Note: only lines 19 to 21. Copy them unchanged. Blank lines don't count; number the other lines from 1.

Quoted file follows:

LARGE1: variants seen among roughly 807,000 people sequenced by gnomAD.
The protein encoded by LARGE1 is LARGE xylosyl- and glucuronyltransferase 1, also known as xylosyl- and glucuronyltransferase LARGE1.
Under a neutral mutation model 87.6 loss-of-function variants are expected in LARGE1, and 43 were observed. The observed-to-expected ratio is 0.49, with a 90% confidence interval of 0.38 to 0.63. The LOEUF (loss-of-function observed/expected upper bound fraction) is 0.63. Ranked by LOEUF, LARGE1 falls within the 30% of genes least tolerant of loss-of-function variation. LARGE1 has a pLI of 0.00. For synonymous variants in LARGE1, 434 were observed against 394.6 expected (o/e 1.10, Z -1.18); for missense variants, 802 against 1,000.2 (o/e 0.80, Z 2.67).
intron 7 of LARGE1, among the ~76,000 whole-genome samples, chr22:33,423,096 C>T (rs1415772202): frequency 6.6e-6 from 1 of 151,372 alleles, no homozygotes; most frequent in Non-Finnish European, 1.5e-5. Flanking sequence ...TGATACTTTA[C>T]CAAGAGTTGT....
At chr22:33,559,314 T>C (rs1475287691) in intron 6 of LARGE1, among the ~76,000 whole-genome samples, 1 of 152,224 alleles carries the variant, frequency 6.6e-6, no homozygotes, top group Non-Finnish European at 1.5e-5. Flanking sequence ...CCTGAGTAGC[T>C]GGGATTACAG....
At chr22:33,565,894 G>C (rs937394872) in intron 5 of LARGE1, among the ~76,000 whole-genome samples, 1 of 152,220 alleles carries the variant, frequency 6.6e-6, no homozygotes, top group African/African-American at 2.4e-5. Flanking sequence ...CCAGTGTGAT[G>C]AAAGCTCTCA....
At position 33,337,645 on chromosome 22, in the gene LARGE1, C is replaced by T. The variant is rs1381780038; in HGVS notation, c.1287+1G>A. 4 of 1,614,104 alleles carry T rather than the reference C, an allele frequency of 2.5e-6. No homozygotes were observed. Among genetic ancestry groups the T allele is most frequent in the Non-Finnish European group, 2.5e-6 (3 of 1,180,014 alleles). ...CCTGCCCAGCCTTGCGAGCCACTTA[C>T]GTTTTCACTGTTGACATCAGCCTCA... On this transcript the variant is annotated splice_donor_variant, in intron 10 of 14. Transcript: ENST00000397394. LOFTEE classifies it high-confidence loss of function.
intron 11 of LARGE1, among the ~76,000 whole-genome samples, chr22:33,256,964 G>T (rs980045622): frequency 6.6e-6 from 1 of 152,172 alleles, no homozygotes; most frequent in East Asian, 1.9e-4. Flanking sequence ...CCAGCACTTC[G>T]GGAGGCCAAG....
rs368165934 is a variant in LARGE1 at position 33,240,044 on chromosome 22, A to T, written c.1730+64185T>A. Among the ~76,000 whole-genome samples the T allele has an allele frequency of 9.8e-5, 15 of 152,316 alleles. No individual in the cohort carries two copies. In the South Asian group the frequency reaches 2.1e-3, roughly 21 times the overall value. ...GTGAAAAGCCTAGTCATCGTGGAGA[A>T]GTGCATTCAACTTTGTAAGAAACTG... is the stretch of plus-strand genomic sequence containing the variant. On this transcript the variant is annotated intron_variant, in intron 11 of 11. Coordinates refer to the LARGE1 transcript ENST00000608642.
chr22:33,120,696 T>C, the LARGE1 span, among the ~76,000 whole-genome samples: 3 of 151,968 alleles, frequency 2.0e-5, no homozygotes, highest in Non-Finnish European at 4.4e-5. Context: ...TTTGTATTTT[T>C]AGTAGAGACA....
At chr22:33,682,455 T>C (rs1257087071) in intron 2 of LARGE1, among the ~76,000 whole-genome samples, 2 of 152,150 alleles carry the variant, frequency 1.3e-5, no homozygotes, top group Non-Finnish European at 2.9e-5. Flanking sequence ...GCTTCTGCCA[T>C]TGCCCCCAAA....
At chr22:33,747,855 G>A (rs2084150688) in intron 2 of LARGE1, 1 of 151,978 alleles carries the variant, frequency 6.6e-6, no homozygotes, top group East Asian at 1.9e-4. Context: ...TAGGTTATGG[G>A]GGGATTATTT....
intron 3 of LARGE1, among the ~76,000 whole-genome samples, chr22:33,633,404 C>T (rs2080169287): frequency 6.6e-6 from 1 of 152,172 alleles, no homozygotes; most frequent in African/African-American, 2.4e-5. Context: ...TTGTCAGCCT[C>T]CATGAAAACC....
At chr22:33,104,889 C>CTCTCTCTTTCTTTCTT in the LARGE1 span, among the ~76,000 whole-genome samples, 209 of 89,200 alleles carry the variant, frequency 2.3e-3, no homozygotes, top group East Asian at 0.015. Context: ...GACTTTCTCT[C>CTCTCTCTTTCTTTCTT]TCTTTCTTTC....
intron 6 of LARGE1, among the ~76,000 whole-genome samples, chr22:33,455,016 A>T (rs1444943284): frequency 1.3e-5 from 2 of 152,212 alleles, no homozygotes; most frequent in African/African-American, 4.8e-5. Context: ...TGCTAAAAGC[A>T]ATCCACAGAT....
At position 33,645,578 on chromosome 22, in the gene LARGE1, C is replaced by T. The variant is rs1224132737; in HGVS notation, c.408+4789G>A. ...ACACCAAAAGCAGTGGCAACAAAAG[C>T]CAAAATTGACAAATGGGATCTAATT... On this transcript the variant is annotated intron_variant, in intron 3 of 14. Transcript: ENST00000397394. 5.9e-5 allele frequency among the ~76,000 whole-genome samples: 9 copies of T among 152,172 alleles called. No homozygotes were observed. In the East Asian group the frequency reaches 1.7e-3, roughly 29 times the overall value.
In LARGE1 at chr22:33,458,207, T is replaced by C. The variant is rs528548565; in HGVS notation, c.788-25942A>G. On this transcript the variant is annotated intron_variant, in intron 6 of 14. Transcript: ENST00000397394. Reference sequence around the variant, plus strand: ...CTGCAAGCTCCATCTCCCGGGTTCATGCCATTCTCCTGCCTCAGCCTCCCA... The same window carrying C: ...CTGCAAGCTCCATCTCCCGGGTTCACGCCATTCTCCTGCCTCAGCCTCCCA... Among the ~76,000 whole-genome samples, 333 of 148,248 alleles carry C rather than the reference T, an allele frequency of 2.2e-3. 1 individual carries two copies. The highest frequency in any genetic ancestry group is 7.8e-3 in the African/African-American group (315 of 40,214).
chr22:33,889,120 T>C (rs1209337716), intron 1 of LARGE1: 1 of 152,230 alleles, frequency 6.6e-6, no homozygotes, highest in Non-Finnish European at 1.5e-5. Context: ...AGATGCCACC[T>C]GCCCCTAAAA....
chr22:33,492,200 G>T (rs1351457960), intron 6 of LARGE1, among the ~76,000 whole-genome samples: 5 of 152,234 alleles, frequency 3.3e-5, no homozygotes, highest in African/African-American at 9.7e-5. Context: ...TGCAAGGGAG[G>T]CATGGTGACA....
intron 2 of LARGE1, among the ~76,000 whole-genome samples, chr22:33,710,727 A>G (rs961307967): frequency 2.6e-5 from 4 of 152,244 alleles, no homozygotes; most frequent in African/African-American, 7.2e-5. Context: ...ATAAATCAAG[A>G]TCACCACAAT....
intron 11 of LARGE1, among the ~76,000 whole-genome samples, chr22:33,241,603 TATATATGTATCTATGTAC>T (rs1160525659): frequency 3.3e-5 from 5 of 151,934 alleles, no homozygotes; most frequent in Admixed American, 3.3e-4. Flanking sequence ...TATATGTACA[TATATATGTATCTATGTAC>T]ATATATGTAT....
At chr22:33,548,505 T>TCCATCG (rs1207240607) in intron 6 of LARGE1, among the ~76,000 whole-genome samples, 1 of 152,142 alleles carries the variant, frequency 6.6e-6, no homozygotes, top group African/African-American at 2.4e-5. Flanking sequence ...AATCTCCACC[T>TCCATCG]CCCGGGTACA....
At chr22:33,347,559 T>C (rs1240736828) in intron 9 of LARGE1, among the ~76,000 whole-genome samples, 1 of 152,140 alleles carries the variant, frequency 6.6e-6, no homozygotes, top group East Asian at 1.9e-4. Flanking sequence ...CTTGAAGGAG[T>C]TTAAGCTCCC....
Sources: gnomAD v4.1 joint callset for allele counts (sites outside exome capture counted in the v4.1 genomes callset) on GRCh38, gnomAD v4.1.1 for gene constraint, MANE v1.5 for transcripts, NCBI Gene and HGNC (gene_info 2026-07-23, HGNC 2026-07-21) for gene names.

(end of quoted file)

chr22:33,492,200 G>T (rs1351457960), intron 6 of LARGE1, among the ~76,000 whole-genome samples: 5 of 152,234 alleles, frequency 3.3e-5, no homozygotes, highest in African/African-American at 9.7e-5. Context: ...TGCAAGGGAG[G>T]CATGGTGACA....
intron 2 of LARGE1, among the ~76,000 whole-genome samples, chr22:33,710,727 A>G (rs961307967): frequency 2.6e-5 from 4 of 152,244 alleles, no homozygotes; most frequent in African/African-American, 7.2e-5. Context: ...ATAAATCAAG[A>G]TCACCACAAT....
intron 11 of LARGE1, among the ~76,000 whole-genome samples, chr22:33,241,603 TATATATGTATCTATGTAC>T (rs1160525659): frequency 3.3e-5 from 5 of 151,934 alleles, no homozygotes; most frequent in Admixed American, 3.3e-4. Flanking sequence ...TATATGTACA[TATATATGTATCTATGTAC>T]ATATATGTAT....